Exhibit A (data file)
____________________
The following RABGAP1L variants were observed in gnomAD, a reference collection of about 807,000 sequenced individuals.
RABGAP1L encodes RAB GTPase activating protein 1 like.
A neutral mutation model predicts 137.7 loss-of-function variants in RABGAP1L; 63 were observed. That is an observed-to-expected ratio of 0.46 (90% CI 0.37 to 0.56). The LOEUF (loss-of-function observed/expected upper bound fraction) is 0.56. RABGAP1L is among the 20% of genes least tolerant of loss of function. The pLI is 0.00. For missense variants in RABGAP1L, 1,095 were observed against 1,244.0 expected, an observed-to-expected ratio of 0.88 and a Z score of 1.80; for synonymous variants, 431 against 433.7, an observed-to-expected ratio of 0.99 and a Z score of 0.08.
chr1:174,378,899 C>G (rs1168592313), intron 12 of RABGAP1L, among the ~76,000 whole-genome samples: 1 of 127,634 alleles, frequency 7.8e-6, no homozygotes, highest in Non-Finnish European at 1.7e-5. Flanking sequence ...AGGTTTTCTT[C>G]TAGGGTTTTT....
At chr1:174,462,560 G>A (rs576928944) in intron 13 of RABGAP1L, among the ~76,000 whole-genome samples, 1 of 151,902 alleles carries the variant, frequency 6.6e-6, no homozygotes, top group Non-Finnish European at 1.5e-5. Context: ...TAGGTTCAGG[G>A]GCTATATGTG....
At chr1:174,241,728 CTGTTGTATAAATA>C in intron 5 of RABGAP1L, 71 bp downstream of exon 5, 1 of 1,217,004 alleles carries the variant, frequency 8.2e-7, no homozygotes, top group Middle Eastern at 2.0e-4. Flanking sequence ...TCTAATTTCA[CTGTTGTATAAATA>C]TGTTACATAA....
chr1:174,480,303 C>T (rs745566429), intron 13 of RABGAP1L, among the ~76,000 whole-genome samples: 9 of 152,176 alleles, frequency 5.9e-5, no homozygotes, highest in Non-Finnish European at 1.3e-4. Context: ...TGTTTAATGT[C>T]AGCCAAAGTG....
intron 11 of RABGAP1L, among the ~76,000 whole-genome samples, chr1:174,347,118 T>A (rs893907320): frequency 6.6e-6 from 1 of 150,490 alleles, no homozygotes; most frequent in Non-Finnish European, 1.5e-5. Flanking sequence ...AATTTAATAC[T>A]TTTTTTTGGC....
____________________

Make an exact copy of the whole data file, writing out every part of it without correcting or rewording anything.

The following RABGAP1L variants were observed in gnomAD, a reference collection of about 807,000 sequenced individuals.
RABGAP1L encodes RAB GTPase activating protein 1 like.
A neutral mutation model predicts 137.7 loss-of-function variants in RABGAP1L; 63 were observed. That is an observed-to-expected ratio of 0.46 (90% CI 0.37 to 0.56). The LOEUF (loss-of-function observed/expected upper bound fraction) is 0.56. RABGAP1L is among the 20% of genes least tolerant of loss of function. The pLI is 0.00. For missense variants in RABGAP1L, 1,095 were observed against 1,244.0 expected, an observed-to-expected ratio of 0.88 and a Z score of 1.80; for synonymous variants, 431 against 433.7, an observed-to-expected ratio of 0.99 and a Z score of 0.08.
chr1:174,378,899 C>G (rs1168592313), intron 12 of RABGAP1L, among the ~76,000 whole-genome samples: 1 of 127,634 alleles, frequency 7.8e-6, no homozygotes, highest in Non-Finnish European at 1.7e-5. Flanking sequence ...AGGTTTTCTT[C>G]TAGGGTTTTT....
At chr1:174,462,560 G>A (rs576928944) in intron 13 of RABGAP1L, among the ~76,000 whole-genome samples, 1 of 151,902 alleles carries the variant, frequency 6.6e-6, no homozygotes, top group Non-Finnish European at 1.5e-5. Context: ...TAGGTTCAGG[G>A]GCTATATGTG....
At chr1:174,241,728 CTGTTGTATAAATA>C in intron 5 of RABGAP1L, 71 bp downstream of exon 5, 1 of 1,217,004 alleles carries the variant, frequency 8.2e-7, no homozygotes, top group Middle Eastern at 2.0e-4. Flanking sequence ...TCTAATTTCA[CTGTTGTATAAATA>C]TGTTACATAA....
chr1:174,480,303 C>T (rs745566429), intron 13 of RABGAP1L, among the ~76,000 whole-genome samples: 9 of 152,176 alleles, frequency 5.9e-5, no homozygotes, highest in Non-Finnish European at 1.3e-4. Context: ...TGTTTAATGT[C>T]AGCCAAAGTG....
intron 11 of RABGAP1L, among the ~76,000 whole-genome samples, chr1:174,347,118 T>A (rs893907320): frequency 6.6e-6 from 1 of 150,490 alleles, no homozygotes; most frequent in Non-Finnish European, 1.5e-5. Flanking sequence ...AATTTAATAC[T>A]TTTTTTTGGC....